News and views to improve the strength and vigor of all your direct response marketing activity.

I do think I heard a small cheer from local Medicare Marketers across the country after CMS issued a two-page memo on Oct. 8 reminding (warning?) Medicare Advantage organizations about their obligation when using third-party marketers for lead generation.

The memo felt like a clear shot across the bow to those companies perpetrating what I and other responsible marketers regard as examples of the worst kind of Medicare advertising. 

Excerpt from the full CMS memo:

CMS is particularly concerned with national advertisements promoting MA plan benefits and cost savings, which are only available in limited service areas or for limited groups of enrollees, as well as using words and imagery that may confuse beneficiaries or cause them to believe the advertisement is coming directly from the government

Anyone in the business knows exactly who the memo was aimed at — the Medicare Helpline TV ads featuring retired sports and sitcom celebrities — as well as others (and there are others!) that adopted the same misleading techniques.

But after a momentary celebration, reality quickly set in. And the questions began ...

Why wasn’t the memo issued sooner? These ads have been running for a long while.

The memo issued on Oct. 8 was already eight days into the official AEP marketing season and just seven days before consumers can enroll. The timing seems a little late to make a difference during this AEP.

But wait — the spots look like they have been modified. Is this the third-party marketers’ response to CMS’s concern?

Viewing the most recent ads, you’ll note that minor changes have been made. One spokesman now states: “’depending on your zip code’ you can get the Medicare benefit that adds money to your Social Security check.” These Medicare Helpline modified TV ads began running in the summer and continue to run.

Interestingly, other third-party marketers are also adopting nearly verbatim zip code language. So, I think it is safe to assume CMS warned these organizations earlier in the year and this “wink and a nod” response to add the zip code qualifier is what these marketers are hoping is appropriate to satisfy CMS’s requirement of:

… Medicare Advantage (MA) plans may not mislead, confuse, or provide materially inaccurate information to current or potential enrollees, pursuant to 42 CFR 422.2262.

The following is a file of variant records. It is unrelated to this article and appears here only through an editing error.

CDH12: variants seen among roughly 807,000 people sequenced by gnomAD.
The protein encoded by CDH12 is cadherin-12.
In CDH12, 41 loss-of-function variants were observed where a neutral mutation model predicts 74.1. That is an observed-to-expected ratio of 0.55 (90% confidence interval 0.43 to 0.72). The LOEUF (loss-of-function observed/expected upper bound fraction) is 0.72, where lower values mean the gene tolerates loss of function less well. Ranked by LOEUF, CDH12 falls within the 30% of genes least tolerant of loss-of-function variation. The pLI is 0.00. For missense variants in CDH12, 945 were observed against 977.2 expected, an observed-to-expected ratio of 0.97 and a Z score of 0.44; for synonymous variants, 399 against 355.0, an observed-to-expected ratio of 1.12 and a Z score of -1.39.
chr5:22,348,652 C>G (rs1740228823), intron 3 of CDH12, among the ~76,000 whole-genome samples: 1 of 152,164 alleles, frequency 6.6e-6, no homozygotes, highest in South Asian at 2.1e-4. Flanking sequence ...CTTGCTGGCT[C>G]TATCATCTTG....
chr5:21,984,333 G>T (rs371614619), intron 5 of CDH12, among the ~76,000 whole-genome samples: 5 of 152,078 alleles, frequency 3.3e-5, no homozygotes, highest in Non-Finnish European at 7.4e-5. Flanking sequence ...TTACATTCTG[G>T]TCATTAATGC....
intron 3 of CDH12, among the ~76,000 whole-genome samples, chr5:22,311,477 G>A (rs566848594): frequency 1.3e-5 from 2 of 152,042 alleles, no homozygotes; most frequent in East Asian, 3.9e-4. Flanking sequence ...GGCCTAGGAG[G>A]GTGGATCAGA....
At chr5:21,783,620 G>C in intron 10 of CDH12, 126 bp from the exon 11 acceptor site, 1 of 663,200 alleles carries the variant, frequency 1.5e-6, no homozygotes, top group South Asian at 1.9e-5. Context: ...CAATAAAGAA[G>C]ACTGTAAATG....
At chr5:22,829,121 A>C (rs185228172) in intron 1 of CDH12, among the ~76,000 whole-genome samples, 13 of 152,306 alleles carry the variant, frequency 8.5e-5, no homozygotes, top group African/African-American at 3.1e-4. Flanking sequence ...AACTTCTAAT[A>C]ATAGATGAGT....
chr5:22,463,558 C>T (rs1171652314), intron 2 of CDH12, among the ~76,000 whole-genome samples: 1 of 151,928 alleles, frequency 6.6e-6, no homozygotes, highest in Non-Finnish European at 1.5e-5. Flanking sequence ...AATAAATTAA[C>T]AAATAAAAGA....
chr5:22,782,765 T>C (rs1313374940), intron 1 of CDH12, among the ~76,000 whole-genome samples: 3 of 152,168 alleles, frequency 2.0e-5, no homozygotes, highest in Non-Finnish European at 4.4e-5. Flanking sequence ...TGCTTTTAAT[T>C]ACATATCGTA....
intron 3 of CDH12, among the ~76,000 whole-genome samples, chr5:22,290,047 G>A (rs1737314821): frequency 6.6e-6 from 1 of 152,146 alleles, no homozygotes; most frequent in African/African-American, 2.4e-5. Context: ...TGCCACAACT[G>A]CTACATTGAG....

Will it work? Who knows? It doesn’t appear that any of these ads have been filed with CMS. Or so it would seem, given there’s no CMS code on the spots (another apparent violation of CMS’s guidelines).

So, what do all of us working with or inside the “Solid Citizen” CMS-abiding Medicare Advantage Organizations do?

5 Steps to take right now

While we all wait to see if CMS will take any real action against the national plans that participate with these particular third-party marketers, we recommend the following:

1. Don’t trust third-party marketers to change their ways. Follow up with any disenrolling members. it can all be confusing for Medicare shoppers, especially when they call into one of these 800# hotlines. Plans we work with know, and it seems CMS knows based on how their memo states …

... In addition, CMS receives complaints from beneficiaries and caregivers that highlight sales tactics designed to rush or push beneficiaries into enrolling into a plan)

...  that many consumers did not realize what they were agreeing to when speaking with the third-party marketer’s representative.

Follow-up with any of your members who disenrolled — with an email and/or direct mail to confirm their decision. Let them know that their benefits will be ending. And give them a special member services number to call if they didn’t mean to switch. From marketplace experience, we know this works for saving and retaining members.

2. Consider an outreach to members. Warn them to be careful about who they provide their Medicare information to and remind them of their rights. Add this information in a prominent place on your member website pages and portal.

3. Encourage members to speak out. Let members who have been wrongly switched know they are able to to file a formal complaint with CMS.

4. Oversee third-party marketers. If you use one of these organizations (and some are good partners), make sure they are abiding by all the CMS guidelines. You’ll sleep better at night.

5. Lastly, keep the pressure on CMS. Warnings are nice, but specific penalties are better.

Medicare marketing keeps changing all the time. DMW has helped scores of local and regional plans stay on top of events, 65+ consumer marketing and all relevant compliance trends to meet and exceed their marketing goals. Wondering if your plan could benefit from a new perspective from an agency steeped in Medicare direct response marketing? Contact us for a no-obligation consultation.